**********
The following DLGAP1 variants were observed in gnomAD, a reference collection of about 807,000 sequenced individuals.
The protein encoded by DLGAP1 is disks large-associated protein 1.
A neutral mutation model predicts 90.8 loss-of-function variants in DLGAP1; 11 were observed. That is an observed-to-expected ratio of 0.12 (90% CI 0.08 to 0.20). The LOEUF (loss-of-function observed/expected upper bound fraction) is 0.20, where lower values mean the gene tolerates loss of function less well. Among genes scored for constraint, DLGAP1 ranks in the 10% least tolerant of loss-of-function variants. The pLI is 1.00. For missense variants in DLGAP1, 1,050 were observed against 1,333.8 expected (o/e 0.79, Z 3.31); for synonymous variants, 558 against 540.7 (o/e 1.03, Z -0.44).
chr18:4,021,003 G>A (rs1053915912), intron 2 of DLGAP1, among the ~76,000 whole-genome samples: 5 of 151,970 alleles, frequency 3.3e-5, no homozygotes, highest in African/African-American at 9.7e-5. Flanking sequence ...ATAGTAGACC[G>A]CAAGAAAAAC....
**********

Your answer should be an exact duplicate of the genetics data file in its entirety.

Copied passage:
The following DLGAP1 variants were observed in gnomAD, a reference collection of about 807,000 sequenced individuals.
The protein encoded by DLGAP1 is disks large-associated protein 1.
A neutral mutation model predicts 90.8 loss-of-function variants in DLGAP1; 11 were observed. That is an observed-to-expected ratio of 0.12 (90% CI 0.08 to 0.20). The LOEUF (loss-of-function observed/expected upper bound fraction) is 0.20, where lower values mean the gene tolerates loss of function less well. Among genes scored for constraint, DLGAP1 ranks in the 10% least tolerant of loss-of-function variants. The pLI is 1.00. For missense variants in DLGAP1, 1,050 were observed against 1,333.8 expected (o/e 0.79, Z 3.31); for synonymous variants, 558 against 540.7 (o/e 1.03, Z -0.44).
chr18:4,021,003 G>A (rs1053915912), intron 2 of DLGAP1, among the ~76,000 whole-genome samples: 5 of 151,970 alleles, frequency 3.3e-5, no homozygotes, highest in African/African-American at 9.7e-5. Flanking sequence ...ATAGTAGACC[G>A]CAAGAAAAAC....